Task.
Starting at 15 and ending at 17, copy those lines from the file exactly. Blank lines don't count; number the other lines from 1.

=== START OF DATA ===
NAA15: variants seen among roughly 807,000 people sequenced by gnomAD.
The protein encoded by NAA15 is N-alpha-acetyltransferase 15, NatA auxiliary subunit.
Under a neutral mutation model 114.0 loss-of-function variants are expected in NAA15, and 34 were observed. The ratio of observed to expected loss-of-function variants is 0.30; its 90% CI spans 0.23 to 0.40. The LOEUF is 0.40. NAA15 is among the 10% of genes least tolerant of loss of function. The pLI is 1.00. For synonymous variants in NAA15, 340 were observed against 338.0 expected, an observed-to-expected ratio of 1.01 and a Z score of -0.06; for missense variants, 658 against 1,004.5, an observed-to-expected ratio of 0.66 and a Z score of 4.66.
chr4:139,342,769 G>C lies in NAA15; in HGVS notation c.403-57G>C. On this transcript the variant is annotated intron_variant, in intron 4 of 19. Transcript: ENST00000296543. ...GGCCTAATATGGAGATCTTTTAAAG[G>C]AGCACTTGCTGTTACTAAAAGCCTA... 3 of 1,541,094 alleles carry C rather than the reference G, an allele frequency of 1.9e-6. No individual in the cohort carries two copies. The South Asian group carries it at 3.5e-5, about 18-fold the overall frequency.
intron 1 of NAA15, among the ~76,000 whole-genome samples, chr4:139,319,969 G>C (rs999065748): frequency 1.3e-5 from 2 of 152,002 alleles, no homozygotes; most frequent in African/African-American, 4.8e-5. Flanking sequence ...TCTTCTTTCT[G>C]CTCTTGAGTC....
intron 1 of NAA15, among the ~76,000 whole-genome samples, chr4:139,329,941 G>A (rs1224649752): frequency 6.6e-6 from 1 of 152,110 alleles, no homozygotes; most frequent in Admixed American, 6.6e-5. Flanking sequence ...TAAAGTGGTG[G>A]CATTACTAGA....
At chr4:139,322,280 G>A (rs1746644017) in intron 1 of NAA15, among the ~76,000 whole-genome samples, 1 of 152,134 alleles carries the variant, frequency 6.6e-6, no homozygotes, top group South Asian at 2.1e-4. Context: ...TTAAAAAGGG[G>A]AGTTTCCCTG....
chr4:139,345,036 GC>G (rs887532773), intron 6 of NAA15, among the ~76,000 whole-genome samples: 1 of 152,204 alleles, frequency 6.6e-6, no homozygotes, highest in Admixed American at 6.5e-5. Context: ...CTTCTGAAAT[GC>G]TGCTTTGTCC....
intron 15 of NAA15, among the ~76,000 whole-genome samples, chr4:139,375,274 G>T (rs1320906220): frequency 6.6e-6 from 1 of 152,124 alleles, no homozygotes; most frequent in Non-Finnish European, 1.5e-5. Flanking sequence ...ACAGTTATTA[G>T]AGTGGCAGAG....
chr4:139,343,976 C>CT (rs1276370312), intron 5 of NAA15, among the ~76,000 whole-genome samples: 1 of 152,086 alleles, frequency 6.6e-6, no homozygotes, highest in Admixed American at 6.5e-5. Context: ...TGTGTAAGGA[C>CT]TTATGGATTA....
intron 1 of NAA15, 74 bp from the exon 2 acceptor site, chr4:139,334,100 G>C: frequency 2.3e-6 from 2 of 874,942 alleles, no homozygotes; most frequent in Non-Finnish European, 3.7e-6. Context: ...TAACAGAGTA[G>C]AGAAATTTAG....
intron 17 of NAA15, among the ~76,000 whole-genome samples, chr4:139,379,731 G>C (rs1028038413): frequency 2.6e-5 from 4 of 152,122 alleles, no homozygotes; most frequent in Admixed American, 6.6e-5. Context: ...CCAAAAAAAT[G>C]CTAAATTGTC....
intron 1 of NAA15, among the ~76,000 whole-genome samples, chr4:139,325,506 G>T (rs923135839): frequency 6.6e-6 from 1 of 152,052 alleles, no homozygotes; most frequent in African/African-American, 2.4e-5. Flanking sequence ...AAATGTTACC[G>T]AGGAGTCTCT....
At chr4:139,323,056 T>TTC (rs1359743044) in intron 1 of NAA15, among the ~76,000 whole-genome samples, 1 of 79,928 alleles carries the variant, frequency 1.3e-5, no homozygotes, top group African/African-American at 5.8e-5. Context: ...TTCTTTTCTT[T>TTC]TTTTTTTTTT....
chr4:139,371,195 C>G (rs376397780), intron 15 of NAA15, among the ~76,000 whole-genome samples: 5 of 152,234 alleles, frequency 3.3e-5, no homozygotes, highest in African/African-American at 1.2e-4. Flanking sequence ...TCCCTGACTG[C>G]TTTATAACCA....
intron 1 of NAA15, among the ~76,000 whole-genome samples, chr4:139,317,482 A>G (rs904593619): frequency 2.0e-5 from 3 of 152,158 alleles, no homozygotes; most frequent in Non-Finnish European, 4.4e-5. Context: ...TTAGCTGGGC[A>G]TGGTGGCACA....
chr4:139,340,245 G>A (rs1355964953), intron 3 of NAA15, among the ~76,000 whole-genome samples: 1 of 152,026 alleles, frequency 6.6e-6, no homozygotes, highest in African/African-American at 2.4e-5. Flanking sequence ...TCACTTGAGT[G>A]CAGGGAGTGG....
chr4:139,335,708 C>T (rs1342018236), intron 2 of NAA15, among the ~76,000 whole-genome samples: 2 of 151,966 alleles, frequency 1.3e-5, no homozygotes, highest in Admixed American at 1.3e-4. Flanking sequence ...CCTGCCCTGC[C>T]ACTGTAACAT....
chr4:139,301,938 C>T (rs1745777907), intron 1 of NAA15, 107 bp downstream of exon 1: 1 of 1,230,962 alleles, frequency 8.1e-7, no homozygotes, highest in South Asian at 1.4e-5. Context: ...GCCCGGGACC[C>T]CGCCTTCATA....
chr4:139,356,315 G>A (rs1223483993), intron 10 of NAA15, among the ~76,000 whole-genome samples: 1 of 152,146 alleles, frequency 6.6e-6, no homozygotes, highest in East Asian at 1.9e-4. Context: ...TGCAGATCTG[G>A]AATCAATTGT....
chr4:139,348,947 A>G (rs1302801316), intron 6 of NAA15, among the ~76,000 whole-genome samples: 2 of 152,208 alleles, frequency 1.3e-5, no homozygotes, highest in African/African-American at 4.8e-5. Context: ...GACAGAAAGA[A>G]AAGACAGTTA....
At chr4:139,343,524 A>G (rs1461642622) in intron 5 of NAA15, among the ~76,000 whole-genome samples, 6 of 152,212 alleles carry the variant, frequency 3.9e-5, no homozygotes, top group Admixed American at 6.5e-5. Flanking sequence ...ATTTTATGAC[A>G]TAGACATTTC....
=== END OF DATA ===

chr4:139,371,195 C>G (rs376397780), intron 15 of NAA15, among the ~76,000 whole-genome samples: 5 of 152,234 alleles, frequency 3.3e-5, no homozygotes, highest in African/African-American at 1.2e-4. Flanking sequence ...TCCCTGACTG[C>G]TTTATAACCA....
intron 1 of NAA15, among the ~76,000 whole-genome samples, chr4:139,317,482 A>G (rs904593619): frequency 2.0e-5 from 3 of 152,158 alleles, no homozygotes; most frequent in Non-Finnish European, 4.4e-5. Context: ...TTAGCTGGGC[A>G]TGGTGGCACA....
chr4:139,340,245 G>A (rs1355964953), intron 3 of NAA15, among the ~76,000 whole-genome samples: 1 of 152,026 alleles, frequency 6.6e-6, no homozygotes, highest in African/African-American at 2.4e-5. Flanking sequence ...TCACTTGAGT[G>A]CAGGGAGTGG....